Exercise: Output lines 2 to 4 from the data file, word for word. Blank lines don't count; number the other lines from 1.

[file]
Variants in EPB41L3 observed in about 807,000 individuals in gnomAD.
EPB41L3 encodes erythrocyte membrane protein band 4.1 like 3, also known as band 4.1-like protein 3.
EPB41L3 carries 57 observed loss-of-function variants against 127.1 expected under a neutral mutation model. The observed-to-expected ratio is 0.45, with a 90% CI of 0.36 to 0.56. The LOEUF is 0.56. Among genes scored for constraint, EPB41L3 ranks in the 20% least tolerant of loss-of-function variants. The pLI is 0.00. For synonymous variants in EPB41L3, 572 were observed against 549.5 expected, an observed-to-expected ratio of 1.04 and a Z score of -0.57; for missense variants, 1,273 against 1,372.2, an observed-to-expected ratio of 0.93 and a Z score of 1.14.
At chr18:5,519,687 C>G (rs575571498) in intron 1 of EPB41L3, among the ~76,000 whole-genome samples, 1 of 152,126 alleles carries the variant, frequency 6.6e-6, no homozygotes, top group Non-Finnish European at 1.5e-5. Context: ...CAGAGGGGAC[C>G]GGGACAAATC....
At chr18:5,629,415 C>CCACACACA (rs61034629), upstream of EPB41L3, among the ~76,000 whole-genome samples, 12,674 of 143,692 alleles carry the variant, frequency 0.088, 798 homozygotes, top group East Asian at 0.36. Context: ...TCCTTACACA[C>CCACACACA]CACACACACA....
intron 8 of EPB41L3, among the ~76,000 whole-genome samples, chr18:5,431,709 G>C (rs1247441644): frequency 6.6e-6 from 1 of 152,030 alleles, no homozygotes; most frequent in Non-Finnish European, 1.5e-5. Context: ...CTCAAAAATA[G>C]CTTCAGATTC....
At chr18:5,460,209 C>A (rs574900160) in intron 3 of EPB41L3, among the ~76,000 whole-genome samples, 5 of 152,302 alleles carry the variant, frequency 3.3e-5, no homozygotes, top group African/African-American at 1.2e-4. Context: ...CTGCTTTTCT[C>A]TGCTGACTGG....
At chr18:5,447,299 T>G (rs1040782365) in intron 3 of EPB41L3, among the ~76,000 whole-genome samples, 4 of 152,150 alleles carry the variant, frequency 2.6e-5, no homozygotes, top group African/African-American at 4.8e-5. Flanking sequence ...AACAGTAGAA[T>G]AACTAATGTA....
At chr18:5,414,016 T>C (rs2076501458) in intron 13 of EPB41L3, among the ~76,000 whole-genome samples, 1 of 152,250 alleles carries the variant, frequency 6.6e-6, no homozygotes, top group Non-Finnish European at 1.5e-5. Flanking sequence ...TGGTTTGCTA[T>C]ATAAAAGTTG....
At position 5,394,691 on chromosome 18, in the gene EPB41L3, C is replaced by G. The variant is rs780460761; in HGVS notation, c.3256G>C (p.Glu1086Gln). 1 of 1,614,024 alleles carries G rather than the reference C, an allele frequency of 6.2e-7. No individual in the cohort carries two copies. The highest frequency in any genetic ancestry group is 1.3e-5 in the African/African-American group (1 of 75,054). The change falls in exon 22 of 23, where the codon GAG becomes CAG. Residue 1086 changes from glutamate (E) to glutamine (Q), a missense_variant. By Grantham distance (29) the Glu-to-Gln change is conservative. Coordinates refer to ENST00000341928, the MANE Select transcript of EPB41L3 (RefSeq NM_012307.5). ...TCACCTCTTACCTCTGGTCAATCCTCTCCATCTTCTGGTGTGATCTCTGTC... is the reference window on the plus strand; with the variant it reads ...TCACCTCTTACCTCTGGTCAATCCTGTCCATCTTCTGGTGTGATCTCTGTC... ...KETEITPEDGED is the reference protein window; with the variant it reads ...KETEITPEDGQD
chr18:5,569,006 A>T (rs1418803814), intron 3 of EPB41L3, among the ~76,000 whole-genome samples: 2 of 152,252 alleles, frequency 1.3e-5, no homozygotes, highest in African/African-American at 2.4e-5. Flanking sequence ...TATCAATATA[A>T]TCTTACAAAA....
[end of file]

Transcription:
EPB41L3 encodes erythrocyte membrane protein band 4.1 like 3, also known as band 4.1-like protein 3.
EPB41L3 carries 57 observed loss-of-function variants against 127.1 expected under a neutral mutation model. The observed-to-expected ratio is 0.45, with a 90% CI of 0.36 to 0.56. The LOEUF is 0.56. Among genes scored for constraint, EPB41L3 ranks in the 20% least tolerant of loss-of-function variants. The pLI is 0.00. For synonymous variants in EPB41L3, 572 were observed against 549.5 expected, an observed-to-expected ratio of 1.04 and a Z score of -0.57; for missense variants, 1,273 against 1,372.2, an observed-to-expected ratio of 0.93 and a Z score of 1.14.
At chr18:5,519,687 C>G (rs575571498) in intron 1 of EPB41L3, among the ~76,000 whole-genome samples, 1 of 152,126 alleles carries the variant, frequency 6.6e-6, no homozygotes, top group Non-Finnish European at 1.5e-5. Context: ...CAGAGGGGAC[C>G]GGGACAAATC....